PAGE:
My fighters also commence operations in the region of the southern carrier. At first, my skirmishes with the MiG-29s are largely indecisive, although I do manage to kill a few of the carrier group’s helicopters despite interference from the ships’ SAMs. Eventually I smarten up and send some heavy fighter sweeps, and with numerical advantage I start making good kills on the enemy aircraft, until no more come up to fight. A few fighters are left to patrol in case any other aircraft pop up.
At 1730 local my planes commence SEAD strikes against the radars on Great Nicobar, although lousy ARM accuracy means it takes a ridiculous number of missiles just to hit a few of the surveillance radars. Shots at the small ships in the region don’t do much better.
My carrier group continues to advance towards the region, despite a few close-range ASW scares from biologicals, eventually emerging from the mouth of the straits and commencing to use its shorter-range ASMS to plink the small Indian ships in the area. There’s no sense in using the good long-range stuff to hit these, and even so it’s faintly ridiculous to use a full-fledged missile to hit the tiny runabouts, but I’ve got no other real option unless I want to resort to guns or iron bombs. (My helicopters aren’t ready yet.) Despite an appalling string of malfunctions, misses, and wizard defensive gunnery on their part, they are eventually all sunk.
At about 2200 local, the Yuan Zheng, a Chinese Kilo gets into firing position in front of the Vikramaditya. Creeping at a ghostly 2 knots, she puts four torpedoes into the carrier. As the enemy mills around in confusion, she reloads and puts another one into the carrier, and sinks two escorts and cripples a third. Unknown to the Yuan Zheng, the escorts are trying to launch ASW helicopters, but my patrolling fighters manage to get to them before they ID my sub. Her final salvo torpedoes another two escorts, and the two last shots head for the carrier. One sinks it, and the last torp wobbles around, locks on to the wounded Sayhardi, misses it, comes around for another attack, and finally sinks it. It’s 2230 local, the Yuan Zheng is out of anti-shipping torpedoes, and the entire carrier group is gone.
My amphib group is approaching Great Nicobar in the small hours of the morning. Missile-carrying Helixes are the first on the scene, scouting around in the dark, killing a small battery of Harop SSMs, and playing hide-and-seek with a pair of SA-19s, eventually killing them when they pause to reload. They then overfly the airport, strafing the P-8s which are parked there, and confirming the absence of troops.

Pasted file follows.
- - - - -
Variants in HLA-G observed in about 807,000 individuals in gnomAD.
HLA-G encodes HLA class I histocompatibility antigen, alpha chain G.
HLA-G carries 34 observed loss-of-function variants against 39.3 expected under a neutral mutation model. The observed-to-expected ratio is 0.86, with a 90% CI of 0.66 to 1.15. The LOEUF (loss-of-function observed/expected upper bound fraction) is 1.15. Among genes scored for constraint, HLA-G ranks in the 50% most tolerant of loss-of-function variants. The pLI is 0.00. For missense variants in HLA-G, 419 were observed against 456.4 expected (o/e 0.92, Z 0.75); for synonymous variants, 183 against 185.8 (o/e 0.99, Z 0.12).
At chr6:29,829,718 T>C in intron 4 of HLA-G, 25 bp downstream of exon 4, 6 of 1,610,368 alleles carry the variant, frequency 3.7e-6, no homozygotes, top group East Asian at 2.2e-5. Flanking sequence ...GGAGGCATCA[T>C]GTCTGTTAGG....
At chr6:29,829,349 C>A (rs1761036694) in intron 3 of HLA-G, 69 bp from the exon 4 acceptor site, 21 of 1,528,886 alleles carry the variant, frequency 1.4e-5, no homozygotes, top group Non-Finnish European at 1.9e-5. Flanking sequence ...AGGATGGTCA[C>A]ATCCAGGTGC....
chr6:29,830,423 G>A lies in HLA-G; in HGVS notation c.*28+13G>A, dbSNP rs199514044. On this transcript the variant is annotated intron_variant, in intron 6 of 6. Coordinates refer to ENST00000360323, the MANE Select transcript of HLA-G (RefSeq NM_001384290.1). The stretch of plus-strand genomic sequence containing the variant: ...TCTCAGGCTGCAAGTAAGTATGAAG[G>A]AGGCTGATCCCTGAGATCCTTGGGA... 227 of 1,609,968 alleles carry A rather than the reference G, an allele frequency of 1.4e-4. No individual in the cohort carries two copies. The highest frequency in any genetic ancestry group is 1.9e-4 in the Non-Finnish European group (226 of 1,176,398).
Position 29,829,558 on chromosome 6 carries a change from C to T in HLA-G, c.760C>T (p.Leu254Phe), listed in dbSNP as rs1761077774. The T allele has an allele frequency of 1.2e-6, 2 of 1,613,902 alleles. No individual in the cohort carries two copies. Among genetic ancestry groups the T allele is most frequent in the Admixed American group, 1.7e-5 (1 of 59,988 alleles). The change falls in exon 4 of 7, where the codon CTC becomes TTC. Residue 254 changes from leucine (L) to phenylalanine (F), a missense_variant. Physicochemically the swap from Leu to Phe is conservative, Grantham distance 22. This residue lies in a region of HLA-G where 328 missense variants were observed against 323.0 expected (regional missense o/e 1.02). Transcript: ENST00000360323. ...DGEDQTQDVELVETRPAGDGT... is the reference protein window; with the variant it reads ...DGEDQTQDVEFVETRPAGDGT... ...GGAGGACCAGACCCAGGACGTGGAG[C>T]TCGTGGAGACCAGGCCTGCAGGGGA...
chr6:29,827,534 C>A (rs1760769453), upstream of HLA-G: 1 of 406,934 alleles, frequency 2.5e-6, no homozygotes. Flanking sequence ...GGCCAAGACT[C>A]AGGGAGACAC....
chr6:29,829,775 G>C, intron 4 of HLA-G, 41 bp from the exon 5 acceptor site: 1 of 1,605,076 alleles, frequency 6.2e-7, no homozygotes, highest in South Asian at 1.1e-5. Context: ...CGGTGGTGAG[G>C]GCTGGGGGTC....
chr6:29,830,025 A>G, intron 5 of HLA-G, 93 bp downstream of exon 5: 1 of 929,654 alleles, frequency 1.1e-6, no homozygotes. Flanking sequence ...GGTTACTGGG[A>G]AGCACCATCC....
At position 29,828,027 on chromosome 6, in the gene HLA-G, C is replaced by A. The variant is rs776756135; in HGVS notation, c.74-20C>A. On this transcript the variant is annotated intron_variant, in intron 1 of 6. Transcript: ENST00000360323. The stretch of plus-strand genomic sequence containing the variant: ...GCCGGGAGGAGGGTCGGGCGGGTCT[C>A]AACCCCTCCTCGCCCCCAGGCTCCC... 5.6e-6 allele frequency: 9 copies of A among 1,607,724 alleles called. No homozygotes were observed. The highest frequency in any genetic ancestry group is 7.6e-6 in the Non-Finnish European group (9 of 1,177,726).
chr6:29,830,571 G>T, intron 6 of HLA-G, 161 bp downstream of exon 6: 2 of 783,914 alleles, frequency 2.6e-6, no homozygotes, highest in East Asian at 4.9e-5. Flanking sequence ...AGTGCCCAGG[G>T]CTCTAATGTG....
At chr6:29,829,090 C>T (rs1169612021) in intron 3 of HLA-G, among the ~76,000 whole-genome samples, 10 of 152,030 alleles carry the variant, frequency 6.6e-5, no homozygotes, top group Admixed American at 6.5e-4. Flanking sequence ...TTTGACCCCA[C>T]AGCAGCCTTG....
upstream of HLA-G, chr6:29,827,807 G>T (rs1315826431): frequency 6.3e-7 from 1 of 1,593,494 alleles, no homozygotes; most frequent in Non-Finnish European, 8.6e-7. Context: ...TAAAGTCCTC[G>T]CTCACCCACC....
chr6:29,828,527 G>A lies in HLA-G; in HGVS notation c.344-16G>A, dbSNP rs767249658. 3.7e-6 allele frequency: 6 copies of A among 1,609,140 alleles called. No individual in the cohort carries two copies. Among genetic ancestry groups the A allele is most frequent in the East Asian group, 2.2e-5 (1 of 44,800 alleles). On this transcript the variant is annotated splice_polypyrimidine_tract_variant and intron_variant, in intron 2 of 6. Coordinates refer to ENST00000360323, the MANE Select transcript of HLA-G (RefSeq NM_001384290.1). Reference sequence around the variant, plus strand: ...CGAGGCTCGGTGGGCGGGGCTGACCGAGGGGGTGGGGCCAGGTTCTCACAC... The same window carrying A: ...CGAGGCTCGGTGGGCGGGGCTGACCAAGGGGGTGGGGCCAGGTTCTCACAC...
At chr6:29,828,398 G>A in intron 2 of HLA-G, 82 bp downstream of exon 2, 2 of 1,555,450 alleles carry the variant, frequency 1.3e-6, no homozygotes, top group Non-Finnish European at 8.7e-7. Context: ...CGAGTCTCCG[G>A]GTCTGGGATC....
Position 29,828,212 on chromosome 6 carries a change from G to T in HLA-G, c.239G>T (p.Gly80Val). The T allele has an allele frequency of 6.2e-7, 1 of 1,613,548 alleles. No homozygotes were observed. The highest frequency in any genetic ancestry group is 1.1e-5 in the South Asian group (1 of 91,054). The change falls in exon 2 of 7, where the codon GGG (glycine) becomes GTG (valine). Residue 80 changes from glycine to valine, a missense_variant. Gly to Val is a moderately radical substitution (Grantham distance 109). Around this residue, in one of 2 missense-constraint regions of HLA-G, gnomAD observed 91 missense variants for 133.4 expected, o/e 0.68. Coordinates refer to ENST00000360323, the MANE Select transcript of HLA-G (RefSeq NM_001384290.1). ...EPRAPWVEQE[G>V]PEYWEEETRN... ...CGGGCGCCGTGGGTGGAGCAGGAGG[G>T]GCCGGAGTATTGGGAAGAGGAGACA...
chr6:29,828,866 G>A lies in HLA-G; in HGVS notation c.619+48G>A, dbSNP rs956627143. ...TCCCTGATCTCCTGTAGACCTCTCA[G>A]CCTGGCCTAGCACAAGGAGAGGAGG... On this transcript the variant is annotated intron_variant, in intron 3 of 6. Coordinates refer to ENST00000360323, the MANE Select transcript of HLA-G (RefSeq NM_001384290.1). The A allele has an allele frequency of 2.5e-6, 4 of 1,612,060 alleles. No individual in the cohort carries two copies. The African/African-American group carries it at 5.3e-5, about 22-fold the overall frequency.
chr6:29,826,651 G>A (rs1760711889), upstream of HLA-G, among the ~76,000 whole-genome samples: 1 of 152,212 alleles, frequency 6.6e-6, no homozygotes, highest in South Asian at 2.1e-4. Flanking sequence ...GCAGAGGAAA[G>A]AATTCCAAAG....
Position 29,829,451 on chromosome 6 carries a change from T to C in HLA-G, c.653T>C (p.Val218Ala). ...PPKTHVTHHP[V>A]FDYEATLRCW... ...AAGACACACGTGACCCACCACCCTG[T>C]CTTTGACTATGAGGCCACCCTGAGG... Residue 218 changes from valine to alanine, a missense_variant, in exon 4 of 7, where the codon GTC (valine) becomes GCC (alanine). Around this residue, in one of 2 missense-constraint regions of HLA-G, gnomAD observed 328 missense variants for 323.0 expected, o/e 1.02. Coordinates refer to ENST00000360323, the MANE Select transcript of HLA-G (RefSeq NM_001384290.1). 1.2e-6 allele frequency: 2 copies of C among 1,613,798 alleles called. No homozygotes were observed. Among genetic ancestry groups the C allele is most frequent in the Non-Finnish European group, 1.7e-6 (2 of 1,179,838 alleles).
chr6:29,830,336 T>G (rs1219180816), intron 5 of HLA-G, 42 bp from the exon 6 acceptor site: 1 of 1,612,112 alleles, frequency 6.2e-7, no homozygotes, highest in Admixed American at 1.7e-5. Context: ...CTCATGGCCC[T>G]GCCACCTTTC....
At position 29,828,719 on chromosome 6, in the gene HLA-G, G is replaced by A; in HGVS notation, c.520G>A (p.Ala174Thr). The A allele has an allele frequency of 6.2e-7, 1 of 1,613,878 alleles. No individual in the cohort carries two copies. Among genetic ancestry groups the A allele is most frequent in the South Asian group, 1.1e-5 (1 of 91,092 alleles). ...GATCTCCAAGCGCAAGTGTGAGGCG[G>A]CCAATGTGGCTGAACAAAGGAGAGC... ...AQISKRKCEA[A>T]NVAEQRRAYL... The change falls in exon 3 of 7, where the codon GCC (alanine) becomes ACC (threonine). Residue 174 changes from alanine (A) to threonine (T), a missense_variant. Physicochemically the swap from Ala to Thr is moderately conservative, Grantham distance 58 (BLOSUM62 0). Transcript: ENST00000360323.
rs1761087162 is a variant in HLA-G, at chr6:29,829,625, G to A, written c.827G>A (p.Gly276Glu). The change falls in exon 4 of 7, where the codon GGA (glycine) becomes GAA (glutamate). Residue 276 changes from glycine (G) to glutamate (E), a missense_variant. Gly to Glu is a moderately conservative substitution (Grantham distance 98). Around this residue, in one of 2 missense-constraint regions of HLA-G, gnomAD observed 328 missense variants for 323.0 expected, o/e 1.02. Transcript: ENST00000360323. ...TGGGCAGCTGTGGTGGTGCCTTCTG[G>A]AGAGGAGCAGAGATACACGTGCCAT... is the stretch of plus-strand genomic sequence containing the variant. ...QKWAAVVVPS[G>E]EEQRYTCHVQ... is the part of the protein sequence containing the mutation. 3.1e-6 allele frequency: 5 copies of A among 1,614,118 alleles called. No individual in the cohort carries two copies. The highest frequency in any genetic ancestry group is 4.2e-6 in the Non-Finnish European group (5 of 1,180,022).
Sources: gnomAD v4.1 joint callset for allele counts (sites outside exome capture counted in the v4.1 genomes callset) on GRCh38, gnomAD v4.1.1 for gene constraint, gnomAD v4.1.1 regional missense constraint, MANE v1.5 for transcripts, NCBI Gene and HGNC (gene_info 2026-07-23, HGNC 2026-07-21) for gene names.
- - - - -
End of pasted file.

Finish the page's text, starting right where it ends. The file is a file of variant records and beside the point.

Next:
My LCACs get underway around 0115 local, and they arrive on the beaches of Campbell Bay shortly afterwards, unloading light tanks and infantry. Meanwhile, transport helicopters are dropping off troops in the surrounding hills. There is no opposition, and the occupation of the island is well underway.
Fighter sweeps have been tangling with the Vikrant’s air wing for a few hours now, and once the opposition is down a couple of planes sneak in and put four anti-shipping missiles into the leading escort, sinking her before she can react.
That leaves the way open for the Chang Zheng 5, my Han-class SSN, to lie in wait and torpedo the oncoming Vikrant. Five of six torpedoes hit the carrier, and then another two sink her. At 0230 local she’s underwater.
The remaining escorts are not quite as easy to hit. The Han’s torpedoes are slower than the Kilo’s, and the alert escorts can outrun them unless I launch from so close they can hit me with RBUs. Therefore, the SSN sneaks around behind the survivors, as they form up and continue SE, and gets into their baffles for a stern chase. She manages to torpedo two more of the escorts, undetected from close range, but the third one runs off at 32 knots and can’t be caught. She’s all alone in the ocean, however, and she’s eventually hunted down and sunk by aircraft.
By 0900 the following morning, all is complete. The beachhead is firmly in control, more troops and supplies are shuttling ashore, and the amphibious operation is a success. Both carrier groups have been annihilated, and, other than a few small patrol craft up near the Andamans, there is no further sign of the Indian Navy. ASW patrols are in place around the beachhead, and even if one of their subs does come calling, I expect I will be able to spot it before it reaches the ‘phibs. So, it seems safe to inform HQ that the mission is a success.